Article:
Why insurance agents don’t talk about death


One of the first things life insurance agents are told while being trained, is to not talk about death, while selling an insurance policy.

And that perhaps explains, why the agents tend to talk about everything from the prospect of good returns to tax savings that can be made by buying an insurance policy.

People don’t like being told that they will die one day. And in case of an untimely death the life insurance policy will come to the rescue of their family, to some extent. Hence, insurance agents tend to talk about everything except untimely death.

Such behaviour stems from the fact that people react to things differently, depending on how they are framed. As Thomas Gilovich and Lee Ross write in The Wisest One in the Room—How You Can Benefit From Social Psychology’s Most Powerful Insights: “Psychologists over the past thirty years have demonstrated time and again that the tiniest change in how a question is worded or how an option is described can radically alter how it is understood—and therefore how people respond.”

So, if life insurance is sold as something you buy for the financial safety of your family in case of your untimely death, it doesn’t get sold. This happens because people don’t like being told about the most obvious truth in life.

Nevertheless, when they are told about returns and tax saving advantages, they queue up to buy the same insurance policy. In fact, another impact of this is that most insurance sold in India is not pure life insurance. Most insurance sold in India is essentially some form of investment with a dash of life insurance being built into it.

This leads to a situation, where people who buy insurance thinking it is insurance, are not adequately covered. In case of untimely death, the insurance payout along with the value of the investment, is unlikely to help the family maintain the same standard of living, as was in the past.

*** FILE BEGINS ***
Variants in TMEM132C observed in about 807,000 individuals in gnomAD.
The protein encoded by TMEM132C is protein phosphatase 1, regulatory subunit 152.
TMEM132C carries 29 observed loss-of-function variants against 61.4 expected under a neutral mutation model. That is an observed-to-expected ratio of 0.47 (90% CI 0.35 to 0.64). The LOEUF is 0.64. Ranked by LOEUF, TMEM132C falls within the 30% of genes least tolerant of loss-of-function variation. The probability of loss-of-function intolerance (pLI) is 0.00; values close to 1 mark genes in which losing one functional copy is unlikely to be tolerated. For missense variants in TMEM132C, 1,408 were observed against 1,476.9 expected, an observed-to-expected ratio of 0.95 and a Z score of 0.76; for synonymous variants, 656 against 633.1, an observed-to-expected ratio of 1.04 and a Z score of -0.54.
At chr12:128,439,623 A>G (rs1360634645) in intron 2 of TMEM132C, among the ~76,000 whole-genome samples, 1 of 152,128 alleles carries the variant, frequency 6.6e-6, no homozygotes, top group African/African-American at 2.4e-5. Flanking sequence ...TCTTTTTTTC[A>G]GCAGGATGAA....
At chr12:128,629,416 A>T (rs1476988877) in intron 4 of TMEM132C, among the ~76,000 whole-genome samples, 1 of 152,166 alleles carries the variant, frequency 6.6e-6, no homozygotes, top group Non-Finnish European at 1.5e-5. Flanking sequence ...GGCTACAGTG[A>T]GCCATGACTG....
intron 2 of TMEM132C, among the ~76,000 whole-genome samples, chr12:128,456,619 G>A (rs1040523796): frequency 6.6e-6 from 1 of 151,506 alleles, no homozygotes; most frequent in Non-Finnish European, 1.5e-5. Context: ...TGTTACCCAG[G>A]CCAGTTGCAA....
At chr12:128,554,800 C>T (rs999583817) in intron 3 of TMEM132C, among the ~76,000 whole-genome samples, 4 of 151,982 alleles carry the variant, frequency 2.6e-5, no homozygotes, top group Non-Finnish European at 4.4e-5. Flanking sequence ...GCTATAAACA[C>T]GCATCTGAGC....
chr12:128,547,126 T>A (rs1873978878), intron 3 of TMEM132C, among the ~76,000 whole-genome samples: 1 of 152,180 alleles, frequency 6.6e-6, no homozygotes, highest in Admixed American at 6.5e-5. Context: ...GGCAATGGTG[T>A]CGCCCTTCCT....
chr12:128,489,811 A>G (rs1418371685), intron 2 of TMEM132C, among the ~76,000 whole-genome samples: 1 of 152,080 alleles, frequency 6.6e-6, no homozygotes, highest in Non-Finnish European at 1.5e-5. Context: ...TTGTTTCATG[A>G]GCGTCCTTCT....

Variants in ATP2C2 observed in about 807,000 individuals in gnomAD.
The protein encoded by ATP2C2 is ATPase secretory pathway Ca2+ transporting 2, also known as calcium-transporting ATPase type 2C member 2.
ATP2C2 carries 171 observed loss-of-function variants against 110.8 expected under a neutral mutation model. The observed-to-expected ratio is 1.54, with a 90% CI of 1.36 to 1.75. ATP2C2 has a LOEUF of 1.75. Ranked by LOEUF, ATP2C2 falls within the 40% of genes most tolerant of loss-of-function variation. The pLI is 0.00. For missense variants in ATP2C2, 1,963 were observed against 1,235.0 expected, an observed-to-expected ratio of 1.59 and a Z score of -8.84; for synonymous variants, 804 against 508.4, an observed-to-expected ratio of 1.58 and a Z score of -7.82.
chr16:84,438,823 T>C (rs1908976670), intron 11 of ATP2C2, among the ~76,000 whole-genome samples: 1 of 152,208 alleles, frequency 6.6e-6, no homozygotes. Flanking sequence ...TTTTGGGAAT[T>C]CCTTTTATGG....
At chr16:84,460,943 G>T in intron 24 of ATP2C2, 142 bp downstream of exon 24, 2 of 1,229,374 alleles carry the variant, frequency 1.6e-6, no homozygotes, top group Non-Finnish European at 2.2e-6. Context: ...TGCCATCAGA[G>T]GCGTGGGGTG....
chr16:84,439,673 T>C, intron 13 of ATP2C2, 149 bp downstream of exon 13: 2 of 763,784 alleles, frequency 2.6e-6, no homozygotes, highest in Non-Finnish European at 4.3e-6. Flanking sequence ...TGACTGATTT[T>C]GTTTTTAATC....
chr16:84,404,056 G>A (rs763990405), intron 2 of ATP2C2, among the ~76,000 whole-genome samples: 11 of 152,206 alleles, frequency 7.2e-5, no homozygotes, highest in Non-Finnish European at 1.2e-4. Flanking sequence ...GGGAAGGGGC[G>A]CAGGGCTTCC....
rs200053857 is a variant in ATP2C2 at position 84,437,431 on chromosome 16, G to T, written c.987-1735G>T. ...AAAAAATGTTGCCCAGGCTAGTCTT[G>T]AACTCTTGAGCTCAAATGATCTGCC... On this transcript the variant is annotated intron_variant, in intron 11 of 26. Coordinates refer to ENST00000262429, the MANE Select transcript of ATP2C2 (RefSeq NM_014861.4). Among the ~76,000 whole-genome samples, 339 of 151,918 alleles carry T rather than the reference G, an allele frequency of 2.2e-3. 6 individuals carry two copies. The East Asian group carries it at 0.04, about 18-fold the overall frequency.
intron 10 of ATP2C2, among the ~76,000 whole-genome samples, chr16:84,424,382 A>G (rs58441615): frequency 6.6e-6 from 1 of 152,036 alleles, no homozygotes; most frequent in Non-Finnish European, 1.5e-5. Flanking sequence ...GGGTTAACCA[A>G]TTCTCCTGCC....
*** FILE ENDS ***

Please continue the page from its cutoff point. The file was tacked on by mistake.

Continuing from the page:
Such behaviour is visible not just when it comes to buying insurance but in other areas of life as well. As Gilovich and Ross write: “[People]…are more impressed by condoms whose manufacturers boast of a 95 per cent success rate rather than a 5 per cent failure rate. They are more supportive of taxes on the rich when the existing level of income inequality is described in terms of how much more the rich earn than the median wage earner than when it is described in terms of how much less the median wage earner earns than the rich.”

Hence, the way an option is framed leads to how people react to it. Let’s go into the issue of inequality a little more through the example of a factory. Let’s say the median salary of a worker working in this factory is Rs 5 lakh per year and that of a manager is Rs 25 lakh.

So the salary of a manager is 400 per cent more than that of a worker. But the salary of a worker is 80 per cent lower than that of a manager. Even though both options mean the same, the 400 per cent option sounds much worse than the 80 per cent option. And that is why Gilovich and Ross say what they do about taxes for the rich.

Another area where framing is put to good use are retail sales. Instead of having sales two or three times a year, retail chains can have lower prices all through the year. It would basically amount to the same thing. But lower prices all through the year, just doesn’t have the same emotional appeal of a discount, which gets people into the buying mode.

The point being that how an issue is framed essentially decides how it ends up in the mind of the consumer and how he or she reacts to it.

This column was originally published in Bangalore Mirror on August 31, 2016